Apparently, February 22nd is National Margarita Day - not in my nation, sure, but I'm not going to let the opportunity slip by. I can even make this kinda topical.
One of my roles at work is administering our back-of-house systems and among the many charming foibles of our back-office setup are the classic cocktail recipes that were put on the tills way back before I even joined the company. Some of those recipes include products we don't stock anymore. Some of those recipes include products I don't think are made anymore.
Somewhere in that mess is the Margarita and it's on the list of recipes I'm revising to reflect our current backbar offering. With that said, there is a sense in which the Margarita defies standardisation. It's rare to be able to pinpoint the creation of a classic cocktail to particular decade, never mind a bar or bartender. The Margarita is almost the complete opposite; there is no shortage of potential origins. My copy of diffordsguide (seventh edition) lists six and it doesn't even mention Rita Hayworth.
It's entirely possible that all Margarita origin stories are true. It's too simple, too obvious a formula not to have emerged pretty much by itself. For what it's worth, I've always tended to think of the Margarita as a descendent of largely forgotten Daisy. For me, the compelling evidence is in the inclusion of orange liqueurs in the Daisy formula coupled with the Spanish translation of the word 'daisy'.
As if it wasn't enough that we can't agree on its provenance, the Margarita resists formalisation because it comes in so many different forms. It comes straight-up (with or without a salt rim), frozen, on the rocks, in a bottle (so, so many different bottles); it's even available in a handy powder! But that's not to say we don't know where to start.
One, Tequila. Two, lime. Three, orangeyness. Outside of that, it's basically a crap shoot. I'm keeping our Margaritas straight up because I like the idea of it as a short, sharp refresher. If it's a blended drink then it will be colder than it would be shaken and it will be sweeter to compensate for the increased dilution (see the recent post on Painkiller's Tiki Research blog about the difficulty of balancing a blended daiquiri for reference) and those two factors tend to overpower the Tequila.
(There is a school of thought that this is why, in fact, the frozen Margarita endures - it puts the Tequila in a background which is great for people whose enjoyment of the spirit has been ruined by too many shots from a bottle with worm in the bottom and a plastic sombrero on the top.)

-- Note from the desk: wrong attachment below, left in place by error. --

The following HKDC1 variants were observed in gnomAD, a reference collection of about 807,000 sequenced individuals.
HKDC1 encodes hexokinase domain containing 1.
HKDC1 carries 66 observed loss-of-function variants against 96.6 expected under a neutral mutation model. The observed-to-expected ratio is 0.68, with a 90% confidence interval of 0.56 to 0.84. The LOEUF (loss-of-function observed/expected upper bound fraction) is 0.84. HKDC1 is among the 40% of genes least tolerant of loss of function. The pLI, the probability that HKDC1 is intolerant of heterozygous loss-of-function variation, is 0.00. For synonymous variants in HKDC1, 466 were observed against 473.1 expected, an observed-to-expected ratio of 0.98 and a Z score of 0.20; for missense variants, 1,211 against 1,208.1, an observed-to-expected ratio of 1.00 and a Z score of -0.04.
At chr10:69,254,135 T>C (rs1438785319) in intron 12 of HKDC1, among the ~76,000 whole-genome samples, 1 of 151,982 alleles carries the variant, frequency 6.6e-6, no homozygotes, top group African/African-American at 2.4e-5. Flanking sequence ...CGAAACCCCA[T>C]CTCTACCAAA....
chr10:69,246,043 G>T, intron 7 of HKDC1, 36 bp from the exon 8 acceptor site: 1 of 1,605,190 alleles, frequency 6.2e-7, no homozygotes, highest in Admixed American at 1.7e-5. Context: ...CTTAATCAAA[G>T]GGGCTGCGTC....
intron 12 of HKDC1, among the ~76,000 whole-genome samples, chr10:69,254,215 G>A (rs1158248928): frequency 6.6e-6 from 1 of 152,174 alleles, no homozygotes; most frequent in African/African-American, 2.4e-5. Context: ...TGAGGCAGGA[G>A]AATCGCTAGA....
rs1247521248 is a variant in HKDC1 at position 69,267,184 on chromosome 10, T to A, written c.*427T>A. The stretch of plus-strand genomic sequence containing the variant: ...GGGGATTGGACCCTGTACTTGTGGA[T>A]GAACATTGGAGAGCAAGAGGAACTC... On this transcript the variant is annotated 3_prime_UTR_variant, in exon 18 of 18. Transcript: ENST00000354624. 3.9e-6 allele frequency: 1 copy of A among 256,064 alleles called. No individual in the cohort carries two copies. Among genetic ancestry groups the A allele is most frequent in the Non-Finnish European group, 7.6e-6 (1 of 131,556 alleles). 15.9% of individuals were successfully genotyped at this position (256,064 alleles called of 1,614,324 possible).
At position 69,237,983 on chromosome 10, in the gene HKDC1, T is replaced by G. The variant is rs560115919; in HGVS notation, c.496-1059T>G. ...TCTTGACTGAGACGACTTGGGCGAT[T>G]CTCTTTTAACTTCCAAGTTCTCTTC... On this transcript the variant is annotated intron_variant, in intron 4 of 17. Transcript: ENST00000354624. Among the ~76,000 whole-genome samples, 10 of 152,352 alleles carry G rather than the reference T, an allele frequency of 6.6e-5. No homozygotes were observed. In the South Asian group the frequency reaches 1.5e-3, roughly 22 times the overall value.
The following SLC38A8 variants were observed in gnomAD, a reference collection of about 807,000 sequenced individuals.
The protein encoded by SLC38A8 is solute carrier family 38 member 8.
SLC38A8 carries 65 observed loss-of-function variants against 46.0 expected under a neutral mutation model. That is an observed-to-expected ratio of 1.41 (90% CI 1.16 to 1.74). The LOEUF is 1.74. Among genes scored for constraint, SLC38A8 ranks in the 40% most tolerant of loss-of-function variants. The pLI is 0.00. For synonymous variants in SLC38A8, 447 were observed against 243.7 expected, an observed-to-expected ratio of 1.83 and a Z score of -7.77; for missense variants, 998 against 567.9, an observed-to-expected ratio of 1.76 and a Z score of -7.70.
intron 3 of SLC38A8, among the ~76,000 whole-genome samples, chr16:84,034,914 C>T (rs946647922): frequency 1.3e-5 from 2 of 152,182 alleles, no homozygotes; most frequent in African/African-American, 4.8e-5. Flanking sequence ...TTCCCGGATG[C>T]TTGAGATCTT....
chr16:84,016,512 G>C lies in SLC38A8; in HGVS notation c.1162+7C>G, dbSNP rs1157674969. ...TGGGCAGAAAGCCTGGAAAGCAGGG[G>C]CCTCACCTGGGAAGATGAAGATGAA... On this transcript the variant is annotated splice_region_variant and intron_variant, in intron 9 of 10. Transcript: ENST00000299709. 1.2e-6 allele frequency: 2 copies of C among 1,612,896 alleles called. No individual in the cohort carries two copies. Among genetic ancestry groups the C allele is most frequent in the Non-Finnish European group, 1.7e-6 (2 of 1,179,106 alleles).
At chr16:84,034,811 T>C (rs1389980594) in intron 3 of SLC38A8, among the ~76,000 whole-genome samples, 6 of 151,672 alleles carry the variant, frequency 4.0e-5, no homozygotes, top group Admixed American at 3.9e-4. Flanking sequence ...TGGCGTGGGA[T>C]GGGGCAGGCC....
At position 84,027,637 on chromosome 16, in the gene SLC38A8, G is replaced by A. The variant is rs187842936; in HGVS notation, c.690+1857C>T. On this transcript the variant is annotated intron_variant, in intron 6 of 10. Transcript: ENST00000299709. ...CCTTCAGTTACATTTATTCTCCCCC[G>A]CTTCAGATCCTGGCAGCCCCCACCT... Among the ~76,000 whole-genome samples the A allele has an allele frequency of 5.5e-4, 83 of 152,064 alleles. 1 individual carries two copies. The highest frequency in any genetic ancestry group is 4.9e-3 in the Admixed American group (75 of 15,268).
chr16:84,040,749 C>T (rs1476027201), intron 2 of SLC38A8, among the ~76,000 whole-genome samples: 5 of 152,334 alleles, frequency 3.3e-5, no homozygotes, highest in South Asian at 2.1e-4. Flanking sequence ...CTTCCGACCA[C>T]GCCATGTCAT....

As far as the Tequila goes, I prefer a blanco for much the same reason that I prefer white rum in a Daiquiri or Mojito. It's fresh and vibrant, not that reposados and añejos are without their charms. The sharp vegetal notes pair well with the acidity of fresh lime juice. So far, so good. When it comes to the orange factor, things start getting complicated.
Orange liqueur often seems to serve a dual purpose in a Margarita. It's there for flavour, for sure, but it's regularly used as the sole sweetening agent as well. This is a problem for this specific Margarita - not Margaritas in general, just this one - because the point of this exercise is to define a recipe I can sell and using three full measures of liquor at 40% ABV simply isn't cost-effective.
(Put it this way - putting 50ml of good Tequila and 25ml of Cointreau in a drink means I'm going to charge £10 in order to make a decent margin. That's before we consider that three units of alcohol is a hefty amount of booze for a single drink, given the human body can - in general - only process one unit of alcohol in an hour.)
With that in mind, I'm going to buck convention and put in less than a full measure of orange liqueur - I'm going for a Cointreau which has a nice balance between orange flavour and sweetness, with a degree of strength to it. Grand Marnier works well with añejo Tequila but the Cognac base usually seems to overpower a blanco in my experience. Other orange liqueurs are available.
With less orange liqueur than is perhaps traditional, I'd be tempted to add a splash of orange bitters to create some depth in that flavour note and we've still got to address the question of sweetness. The obvious addition is a touch of agave syrup, as pioneered in the Tommy's Margarita. Again, it comes back to depth of flavour - it complements the Tequila without competing with it.
The final question is that of the salt rim. Let's be clear, a salt rim is an utter pain, particularly when you've got customers four-deep at the bar but it's a key part of the drink. It's the distinctive flourish that makes the drink memorable. However, saltiness as a flavour can throw off the balance of the drink. Curiously enough, it will make the drink seem sweeter, so we can compensate by skewing the formula ever so slightly more sour and by only applying salt around half of the rim. That way, the customer gets to choose whether the rim is decorative or functional in the flavour profile.
The Margarita is not, of course, the only drink with a long history and a longer list of variations. I think it's the variations that help it endure - we look at them, compare them, and in doing so, we get to see what makes it tick. What makes it great.
(Stuffing a lime wedge on the side of the glass does not make it great. Please stop it.)
35ml blanco Tequila
1 barspoon agave syrup
1 dash orange bitters
25ml fresh lime juice
Apply salt around half of a martini glass' rim. Shake all ingredients with ice and fine-strain into the salt-rimmed glass. Express a twist of lime zest over the top of the drink and discard.